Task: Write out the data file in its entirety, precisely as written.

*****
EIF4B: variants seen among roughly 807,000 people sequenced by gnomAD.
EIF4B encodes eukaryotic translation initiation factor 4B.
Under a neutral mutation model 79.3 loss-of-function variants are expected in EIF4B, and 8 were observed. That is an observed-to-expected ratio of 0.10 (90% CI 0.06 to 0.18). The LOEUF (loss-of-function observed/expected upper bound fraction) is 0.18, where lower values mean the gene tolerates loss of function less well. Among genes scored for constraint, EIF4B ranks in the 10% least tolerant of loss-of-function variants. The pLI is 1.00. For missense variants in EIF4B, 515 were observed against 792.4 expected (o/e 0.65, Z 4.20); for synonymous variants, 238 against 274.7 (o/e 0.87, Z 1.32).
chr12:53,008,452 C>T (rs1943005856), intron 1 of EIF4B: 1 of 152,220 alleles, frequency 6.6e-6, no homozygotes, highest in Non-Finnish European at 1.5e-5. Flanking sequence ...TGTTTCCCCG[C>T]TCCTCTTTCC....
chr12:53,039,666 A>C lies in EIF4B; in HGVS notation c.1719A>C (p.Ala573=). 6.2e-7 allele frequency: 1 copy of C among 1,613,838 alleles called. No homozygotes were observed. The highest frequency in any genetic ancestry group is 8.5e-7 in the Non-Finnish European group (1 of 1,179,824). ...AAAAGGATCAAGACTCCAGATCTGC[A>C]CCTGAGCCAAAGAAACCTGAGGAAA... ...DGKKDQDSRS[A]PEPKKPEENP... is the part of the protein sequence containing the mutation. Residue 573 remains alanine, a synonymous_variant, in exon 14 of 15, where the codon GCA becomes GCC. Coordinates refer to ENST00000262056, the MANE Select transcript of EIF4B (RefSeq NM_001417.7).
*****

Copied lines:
EIF4B: variants seen among roughly 807,000 people sequenced by gnomAD.
EIF4B encodes eukaryotic translation initiation factor 4B.
Under a neutral mutation model 79.3 loss-of-function variants are expected in EIF4B, and 8 were observed. That is an observed-to-expected ratio of 0.10 (90% CI 0.06 to 0.18). The LOEUF (loss-of-function observed/expected upper bound fraction) is 0.18, where lower values mean the gene tolerates loss of function less well. Among genes scored for constraint, EIF4B ranks in the 10% least tolerant of loss-of-function variants. The pLI is 1.00. For missense variants in EIF4B, 515 were observed against 792.4 expected (o/e 0.65, Z 4.20); for synonymous variants, 238 against 274.7 (o/e 0.87, Z 1.32).
chr12:53,008,452 C>T (rs1943005856), intron 1 of EIF4B: 1 of 152,220 alleles, frequency 6.6e-6, no homozygotes, highest in Non-Finnish European at 1.5e-5. Flanking sequence ...TGTTTCCCCG[C>T]TCCTCTTTCC....
chr12:53,039,666 A>C lies in EIF4B; in HGVS notation c.1719A>C (p.Ala573=). 6.2e-7 allele frequency: 1 copy of C among 1,613,838 alleles called. No homozygotes were observed. The highest frequency in any genetic ancestry group is 8.5e-7 in the Non-Finnish European group (1 of 1,179,824). ...AAAAGGATCAAGACTCCAGATCTGC[A>C]CCTGAGCCAAAGAAACCTGAGGAAA... ...DGKKDQDSRS[A]PEPKKPEENP... is the part of the protein sequence containing the mutation. Residue 573 remains alanine, a synonymous_variant, in exon 14 of 15, where the codon GCA becomes GCC. Coordinates refer to ENST00000262056, the MANE Select transcript of EIF4B (RefSeq NM_001417.7).